mankiw11-money_banking

mankiw11-money_banking - Chapter 11 T lick to edit Master...

Info iconThis preview shows pages 1–10. Sign up to view the full content.

View Full Document Right Arrow Icon
Click to edit Master subtitle style 9/29/11 The Monetary System Chapter 11
Background image of page 1

Info iconThis preview has intentionally blurred sections. Sign up to view the full version.

View Full DocumentRight Arrow Icon
9/29/11 Learning Outcomes What assets are considered “money”? What are the functions of money? The types of money? What is the Federal Reserve? What role do banks play in the monetary system? How do banks “create money”? How does the Federal Reserve control the money supply?
Background image of page 2
9/29/11 What Money Is and Why It’s Without money, trade would require barter , the exchange of one good or service for another. Every transaction would require a double coincidence of wants – the unlikely occurrence that two people each have a good the other wants. Most people would have to spend time searching for others to trade with – a huge waste of resources.
Background image of page 3

Info iconThis preview has intentionally blurred sections. Sign up to view the full version.

View Full DocumentRight Arrow Icon
9/29/11 The Functions of Money Medium of exchange : an item buyers give to sellers when they want to purchase goods and services. Unit of account : the yardstick people use to post prices and record debts. Store of value : an item people can use to transfer purchasing power from the present to the future.
Background image of page 4
9/29/11 The Kinds of Money Commodity money : takes the form of a commodity with intrinsic value Examples: gold coins, cigarettes in POW camps Fiat money : money without intrinsic value, used as money because of government decree Example: the U.S. dollar
Background image of page 5

Info iconThis preview has intentionally blurred sections. Sign up to view the full version.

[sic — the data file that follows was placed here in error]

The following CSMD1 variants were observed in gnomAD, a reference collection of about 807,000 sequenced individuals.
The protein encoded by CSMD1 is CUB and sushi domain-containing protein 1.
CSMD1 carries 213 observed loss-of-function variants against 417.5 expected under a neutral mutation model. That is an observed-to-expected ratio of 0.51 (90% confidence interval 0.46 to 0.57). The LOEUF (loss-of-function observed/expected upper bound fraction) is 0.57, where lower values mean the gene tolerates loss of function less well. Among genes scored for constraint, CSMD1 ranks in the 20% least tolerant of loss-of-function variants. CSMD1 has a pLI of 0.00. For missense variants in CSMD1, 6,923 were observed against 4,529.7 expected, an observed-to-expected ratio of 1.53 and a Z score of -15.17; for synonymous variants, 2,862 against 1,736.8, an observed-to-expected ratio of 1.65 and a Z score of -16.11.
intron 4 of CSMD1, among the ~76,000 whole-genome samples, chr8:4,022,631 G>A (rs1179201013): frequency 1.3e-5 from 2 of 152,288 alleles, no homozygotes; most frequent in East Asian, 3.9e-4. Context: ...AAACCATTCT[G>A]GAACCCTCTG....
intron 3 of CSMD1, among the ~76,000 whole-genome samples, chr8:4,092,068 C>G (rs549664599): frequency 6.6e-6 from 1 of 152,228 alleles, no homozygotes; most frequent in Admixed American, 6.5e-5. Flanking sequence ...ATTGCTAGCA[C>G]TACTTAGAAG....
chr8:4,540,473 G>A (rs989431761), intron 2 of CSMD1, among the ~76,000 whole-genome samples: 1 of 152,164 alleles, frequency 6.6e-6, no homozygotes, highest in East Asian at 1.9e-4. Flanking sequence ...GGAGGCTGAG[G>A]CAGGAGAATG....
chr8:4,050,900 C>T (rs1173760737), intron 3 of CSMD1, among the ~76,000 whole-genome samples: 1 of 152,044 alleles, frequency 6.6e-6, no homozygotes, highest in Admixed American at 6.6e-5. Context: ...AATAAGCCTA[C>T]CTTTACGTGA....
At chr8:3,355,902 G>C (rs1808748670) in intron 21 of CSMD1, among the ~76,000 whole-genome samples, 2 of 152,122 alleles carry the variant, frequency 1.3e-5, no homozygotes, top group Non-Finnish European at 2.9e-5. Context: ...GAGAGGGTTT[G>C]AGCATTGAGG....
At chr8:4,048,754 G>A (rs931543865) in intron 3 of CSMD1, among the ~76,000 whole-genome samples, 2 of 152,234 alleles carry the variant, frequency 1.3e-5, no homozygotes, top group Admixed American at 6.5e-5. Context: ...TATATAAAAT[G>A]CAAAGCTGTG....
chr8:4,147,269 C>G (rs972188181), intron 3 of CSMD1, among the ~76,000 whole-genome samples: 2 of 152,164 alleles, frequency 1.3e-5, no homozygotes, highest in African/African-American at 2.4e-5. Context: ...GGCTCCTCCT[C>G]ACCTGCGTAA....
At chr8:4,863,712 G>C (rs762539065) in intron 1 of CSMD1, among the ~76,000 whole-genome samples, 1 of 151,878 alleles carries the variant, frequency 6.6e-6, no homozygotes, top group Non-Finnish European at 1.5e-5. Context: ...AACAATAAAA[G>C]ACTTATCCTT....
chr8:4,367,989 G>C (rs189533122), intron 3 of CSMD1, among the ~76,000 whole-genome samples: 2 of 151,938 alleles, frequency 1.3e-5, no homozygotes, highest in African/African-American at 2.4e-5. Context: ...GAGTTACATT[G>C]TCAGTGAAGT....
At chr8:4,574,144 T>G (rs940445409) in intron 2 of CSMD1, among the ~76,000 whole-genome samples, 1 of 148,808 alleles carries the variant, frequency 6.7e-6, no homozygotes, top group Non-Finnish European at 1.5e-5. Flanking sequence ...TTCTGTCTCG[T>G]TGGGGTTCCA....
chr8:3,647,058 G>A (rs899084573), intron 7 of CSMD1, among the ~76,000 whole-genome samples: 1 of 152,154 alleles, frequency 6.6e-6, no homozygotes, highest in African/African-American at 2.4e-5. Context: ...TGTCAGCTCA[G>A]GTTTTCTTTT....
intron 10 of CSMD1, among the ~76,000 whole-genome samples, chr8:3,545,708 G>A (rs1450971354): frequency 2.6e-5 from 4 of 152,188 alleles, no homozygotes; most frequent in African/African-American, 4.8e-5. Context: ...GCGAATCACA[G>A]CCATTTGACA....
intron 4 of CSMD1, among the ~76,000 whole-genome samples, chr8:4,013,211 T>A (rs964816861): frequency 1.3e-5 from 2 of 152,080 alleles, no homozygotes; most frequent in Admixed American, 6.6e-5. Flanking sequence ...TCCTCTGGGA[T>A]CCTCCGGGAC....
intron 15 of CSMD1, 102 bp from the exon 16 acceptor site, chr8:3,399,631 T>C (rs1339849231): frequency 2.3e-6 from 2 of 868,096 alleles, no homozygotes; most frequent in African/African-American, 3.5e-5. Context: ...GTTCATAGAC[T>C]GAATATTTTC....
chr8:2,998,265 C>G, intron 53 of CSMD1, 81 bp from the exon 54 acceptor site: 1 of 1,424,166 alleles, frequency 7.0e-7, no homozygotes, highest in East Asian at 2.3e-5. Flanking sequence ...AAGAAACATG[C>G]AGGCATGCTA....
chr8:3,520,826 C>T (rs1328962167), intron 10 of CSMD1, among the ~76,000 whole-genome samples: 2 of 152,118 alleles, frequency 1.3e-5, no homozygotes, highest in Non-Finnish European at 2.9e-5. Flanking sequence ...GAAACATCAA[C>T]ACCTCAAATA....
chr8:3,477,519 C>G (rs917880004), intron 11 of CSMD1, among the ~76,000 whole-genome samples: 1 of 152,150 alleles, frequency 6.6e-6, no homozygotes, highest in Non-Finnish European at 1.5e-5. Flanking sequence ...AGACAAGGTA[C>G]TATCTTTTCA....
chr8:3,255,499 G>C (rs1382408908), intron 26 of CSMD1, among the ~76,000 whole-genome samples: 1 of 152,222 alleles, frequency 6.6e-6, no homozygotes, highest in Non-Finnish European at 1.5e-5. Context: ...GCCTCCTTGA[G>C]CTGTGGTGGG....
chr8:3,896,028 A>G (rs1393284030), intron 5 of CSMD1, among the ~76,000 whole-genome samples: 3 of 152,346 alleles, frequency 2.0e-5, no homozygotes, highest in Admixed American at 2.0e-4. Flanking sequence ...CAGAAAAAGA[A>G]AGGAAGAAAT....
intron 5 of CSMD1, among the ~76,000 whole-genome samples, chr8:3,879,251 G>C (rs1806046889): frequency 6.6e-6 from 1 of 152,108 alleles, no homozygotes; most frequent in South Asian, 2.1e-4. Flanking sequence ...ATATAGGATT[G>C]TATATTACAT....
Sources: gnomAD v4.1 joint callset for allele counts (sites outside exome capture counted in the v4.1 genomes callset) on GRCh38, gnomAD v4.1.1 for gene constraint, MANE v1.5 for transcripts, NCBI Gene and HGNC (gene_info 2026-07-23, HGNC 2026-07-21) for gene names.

View Full DocumentRight Arrow Icon
9/29/11 The Money Supply The money supply (or money stock ): the quantity of money available in the economy What assets should be considered part of the money supply? Two candidates: Currency : the paper bills and coins in the hands of the (non-bank) public Demand deposits : balances in bank accounts that depositors can access on demand by writing a check
Background image of page 6
9/29/11 Measures of the U. S. Money M1 : currency, demand deposits, traveler’s checks, and other checkable deposits. M1 = $1.4 trillion (June 2008) M2 : everything in M1 plus savings deposits, small time deposits, money market mutual funds, and a few minor categories. M2 = $7.7 trillion (June 2008)
Background image of page 7

Info iconThis preview has intentionally blurred sections. Sign up to view the full version.

View Full DocumentRight Arrow Icon
9/29/11 Value of Money The U.S. money supply is guaranteed by government’s ability to keep the value of money relatively stable. Money has value because of its acceptability , legal tender designation, and relative scarcity . Government has decreed currency as legal tender, thus paper money is a valid and legal means of payment of debt.
Background image of page 8
9/29/11 Money and Prices The purchasing power of the dollar varies inversely with the price level . If the price level rises, the purchasing power of the dollar falls, and vice versa. Inflation may also affect the purchasing power of money and its acceptability. When the government prints too much money, the purchasing power of money declines. Also, runaway inflation may significantly reduce the purchasing power of the dollar and may cause it to cease being used as a medium of exchange.
Background image of page 9

Info iconThis preview has intentionally blurred sections. Sign up to view the full version.

View Full DocumentRight Arrow Icon
Image of page 10
This is the end of the preview. Sign up to access the rest of the document.

This note was uploaded on 09/29/2011 for the course ECO 2315 taught by Professor Bishop during the Fall '09 term at Texas State.

Page1 / 38

mankiw11-money_banking - Chapter 11 T lick to edit Master...

This preview shows document pages 1 - 10. Sign up to view the full document.

View Full Document Right Arrow Icon
Ask a homework question - tutors are online